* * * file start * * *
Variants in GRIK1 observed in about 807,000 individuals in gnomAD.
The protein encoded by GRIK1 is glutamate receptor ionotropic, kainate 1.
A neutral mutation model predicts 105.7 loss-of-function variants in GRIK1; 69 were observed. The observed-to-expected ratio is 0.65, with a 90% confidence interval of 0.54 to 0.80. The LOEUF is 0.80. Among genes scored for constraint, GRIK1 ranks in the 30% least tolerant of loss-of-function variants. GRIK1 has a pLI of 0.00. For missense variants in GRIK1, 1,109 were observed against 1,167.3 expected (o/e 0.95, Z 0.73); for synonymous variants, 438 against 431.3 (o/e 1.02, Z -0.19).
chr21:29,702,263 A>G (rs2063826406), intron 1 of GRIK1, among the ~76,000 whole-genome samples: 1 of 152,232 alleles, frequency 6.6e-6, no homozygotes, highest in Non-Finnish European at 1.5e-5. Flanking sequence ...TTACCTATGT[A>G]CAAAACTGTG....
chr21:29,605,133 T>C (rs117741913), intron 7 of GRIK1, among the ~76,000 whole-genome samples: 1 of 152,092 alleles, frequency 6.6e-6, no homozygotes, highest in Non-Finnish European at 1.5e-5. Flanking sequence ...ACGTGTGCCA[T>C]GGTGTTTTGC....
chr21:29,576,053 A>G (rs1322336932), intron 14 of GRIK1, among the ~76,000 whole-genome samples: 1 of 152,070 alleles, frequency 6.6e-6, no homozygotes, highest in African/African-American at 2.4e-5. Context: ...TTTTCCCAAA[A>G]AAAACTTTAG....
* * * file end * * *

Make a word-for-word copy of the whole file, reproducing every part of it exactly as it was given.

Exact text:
Variants in GRIK1 observed in about 807,000 individuals in gnomAD.
The protein encoded by GRIK1 is glutamate receptor ionotropic, kainate 1.
A neutral mutation model predicts 105.7 loss-of-function variants in GRIK1; 69 were observed. The observed-to-expected ratio is 0.65, with a 90% confidence interval of 0.54 to 0.80. The LOEUF is 0.80. Among genes scored for constraint, GRIK1 ranks in the 30% least tolerant of loss-of-function variants. GRIK1 has a pLI of 0.00. For missense variants in GRIK1, 1,109 were observed against 1,167.3 expected (o/e 0.95, Z 0.73); for synonymous variants, 438 against 431.3 (o/e 1.02, Z -0.19).
chr21:29,702,263 A>G (rs2063826406), intron 1 of GRIK1, among the ~76,000 whole-genome samples: 1 of 152,232 alleles, frequency 6.6e-6, no homozygotes, highest in Non-Finnish European at 1.5e-5. Flanking sequence ...TTACCTATGT[A>G]CAAAACTGTG....
chr21:29,605,133 T>C (rs117741913), intron 7 of GRIK1, among the ~76,000 whole-genome samples: 1 of 152,092 alleles, frequency 6.6e-6, no homozygotes, highest in Non-Finnish European at 1.5e-5. Flanking sequence ...ACGTGTGCCA[T>C]GGTGTTTTGC....
chr21:29,576,053 A>G (rs1322336932), intron 14 of GRIK1, among the ~76,000 whole-genome samples: 1 of 152,070 alleles, frequency 6.6e-6, no homozygotes, highest in African/African-American at 2.4e-5. Context: ...TTTTCCCAAA[A>G]AAAACTTTAG....